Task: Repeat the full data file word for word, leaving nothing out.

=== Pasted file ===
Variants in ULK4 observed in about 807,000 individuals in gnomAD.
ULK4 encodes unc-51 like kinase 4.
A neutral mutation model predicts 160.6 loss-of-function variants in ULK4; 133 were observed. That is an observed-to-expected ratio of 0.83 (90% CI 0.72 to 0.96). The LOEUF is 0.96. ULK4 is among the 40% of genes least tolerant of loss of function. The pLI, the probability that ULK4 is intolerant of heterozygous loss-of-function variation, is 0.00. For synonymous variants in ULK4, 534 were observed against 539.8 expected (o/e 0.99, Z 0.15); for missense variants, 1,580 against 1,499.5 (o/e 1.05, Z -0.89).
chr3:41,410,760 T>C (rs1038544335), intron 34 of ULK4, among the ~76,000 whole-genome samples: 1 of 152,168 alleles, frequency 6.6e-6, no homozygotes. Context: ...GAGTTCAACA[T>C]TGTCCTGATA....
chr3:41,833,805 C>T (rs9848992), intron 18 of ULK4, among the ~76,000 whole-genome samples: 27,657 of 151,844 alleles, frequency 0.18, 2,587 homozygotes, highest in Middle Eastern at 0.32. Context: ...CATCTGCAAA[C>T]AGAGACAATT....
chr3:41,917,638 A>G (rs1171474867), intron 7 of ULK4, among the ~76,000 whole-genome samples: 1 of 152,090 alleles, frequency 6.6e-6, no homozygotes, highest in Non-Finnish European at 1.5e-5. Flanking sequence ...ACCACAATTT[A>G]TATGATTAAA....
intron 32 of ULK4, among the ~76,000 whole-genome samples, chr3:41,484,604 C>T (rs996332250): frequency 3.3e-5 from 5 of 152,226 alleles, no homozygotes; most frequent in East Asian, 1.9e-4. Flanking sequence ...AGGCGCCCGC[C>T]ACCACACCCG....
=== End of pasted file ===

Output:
Variants in ULK4 observed in about 807,000 individuals in gnomAD.
ULK4 encodes unc-51 like kinase 4.
A neutral mutation model predicts 160.6 loss-of-function variants in ULK4; 133 were observed. That is an observed-to-expected ratio of 0.83 (90% CI 0.72 to 0.96). The LOEUF is 0.96. ULK4 is among the 40% of genes least tolerant of loss of function. The pLI, the probability that ULK4 is intolerant of heterozygous loss-of-function variation, is 0.00. For synonymous variants in ULK4, 534 were observed against 539.8 expected (o/e 0.99, Z 0.15); for missense variants, 1,580 against 1,499.5 (o/e 1.05, Z -0.89).
chr3:41,410,760 T>C (rs1038544335), intron 34 of ULK4, among the ~76,000 whole-genome samples: 1 of 152,168 alleles, frequency 6.6e-6, no homozygotes. Context: ...GAGTTCAACA[T>C]TGTCCTGATA....
chr3:41,833,805 C>T (rs9848992), intron 18 of ULK4, among the ~76,000 whole-genome samples: 27,657 of 151,844 alleles, frequency 0.18, 2,587 homozygotes, highest in Middle Eastern at 0.32. Context: ...CATCTGCAAA[C>T]AGAGACAATT....
chr3:41,917,638 A>G (rs1171474867), intron 7 of ULK4, among the ~76,000 whole-genome samples: 1 of 152,090 alleles, frequency 6.6e-6, no homozygotes, highest in Non-Finnish European at 1.5e-5. Flanking sequence ...ACCACAATTT[A>G]TATGATTAAA....
intron 32 of ULK4, among the ~76,000 whole-genome samples, chr3:41,484,604 C>T (rs996332250): frequency 3.3e-5 from 5 of 152,226 alleles, no homozygotes; most frequent in East Asian, 1.9e-4. Flanking sequence ...AGGCGCCCGC[C>T]ACCACACCCG....